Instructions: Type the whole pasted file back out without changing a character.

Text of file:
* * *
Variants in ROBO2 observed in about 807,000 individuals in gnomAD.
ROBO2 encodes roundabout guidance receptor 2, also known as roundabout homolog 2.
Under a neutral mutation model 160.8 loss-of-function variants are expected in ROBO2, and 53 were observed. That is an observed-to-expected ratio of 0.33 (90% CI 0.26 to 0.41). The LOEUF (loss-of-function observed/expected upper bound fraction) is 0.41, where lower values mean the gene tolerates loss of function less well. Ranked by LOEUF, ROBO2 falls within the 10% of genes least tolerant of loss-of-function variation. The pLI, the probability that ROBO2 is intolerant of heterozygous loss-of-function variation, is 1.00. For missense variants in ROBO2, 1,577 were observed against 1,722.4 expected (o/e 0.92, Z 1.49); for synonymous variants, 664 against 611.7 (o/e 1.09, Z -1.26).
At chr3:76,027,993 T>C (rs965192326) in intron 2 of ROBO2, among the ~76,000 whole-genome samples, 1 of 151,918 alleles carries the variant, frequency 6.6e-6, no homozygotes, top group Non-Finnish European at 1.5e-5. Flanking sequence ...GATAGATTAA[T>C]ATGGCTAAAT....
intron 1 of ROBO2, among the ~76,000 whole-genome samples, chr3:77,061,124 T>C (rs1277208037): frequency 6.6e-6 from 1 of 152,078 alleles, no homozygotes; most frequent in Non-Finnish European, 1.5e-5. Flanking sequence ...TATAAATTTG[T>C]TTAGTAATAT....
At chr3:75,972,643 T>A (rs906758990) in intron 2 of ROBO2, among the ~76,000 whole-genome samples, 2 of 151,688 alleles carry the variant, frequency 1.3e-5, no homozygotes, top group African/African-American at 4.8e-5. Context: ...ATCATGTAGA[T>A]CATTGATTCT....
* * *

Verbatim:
Variants in ROBO2 observed in about 807,000 individuals in gnomAD.
ROBO2 encodes roundabout guidance receptor 2, also known as roundabout homolog 2.
Under a neutral mutation model 160.8 loss-of-function variants are expected in ROBO2, and 53 were observed. That is an observed-to-expected ratio of 0.33 (90% CI 0.26 to 0.41). The LOEUF (loss-of-function observed/expected upper bound fraction) is 0.41, where lower values mean the gene tolerates loss of function less well. Ranked by LOEUF, ROBO2 falls within the 10% of genes least tolerant of loss-of-function variation. The pLI, the probability that ROBO2 is intolerant of heterozygous loss-of-function variation, is 1.00. For missense variants in ROBO2, 1,577 were observed against 1,722.4 expected (o/e 0.92, Z 1.49); for synonymous variants, 664 against 611.7 (o/e 1.09, Z -1.26).
At chr3:76,027,993 T>C (rs965192326) in intron 2 of ROBO2, among the ~76,000 whole-genome samples, 1 of 151,918 alleles carries the variant, frequency 6.6e-6, no homozygotes, top group Non-Finnish European at 1.5e-5. Flanking sequence ...GATAGATTAA[T>C]ATGGCTAAAT....
intron 1 of ROBO2, among the ~76,000 whole-genome samples, chr3:77,061,124 T>C (rs1277208037): frequency 6.6e-6 from 1 of 152,078 alleles, no homozygotes; most frequent in Non-Finnish European, 1.5e-5. Flanking sequence ...TATAAATTTG[T>C]TTAGTAATAT....
At chr3:75,972,643 T>A (rs906758990) in intron 2 of ROBO2, among the ~76,000 whole-genome samples, 2 of 151,688 alleles carry the variant, frequency 1.3e-5, no homozygotes, top group African/African-American at 4.8e-5. Context: ...ATCATGTAGA[T>A]CATTGATTCT....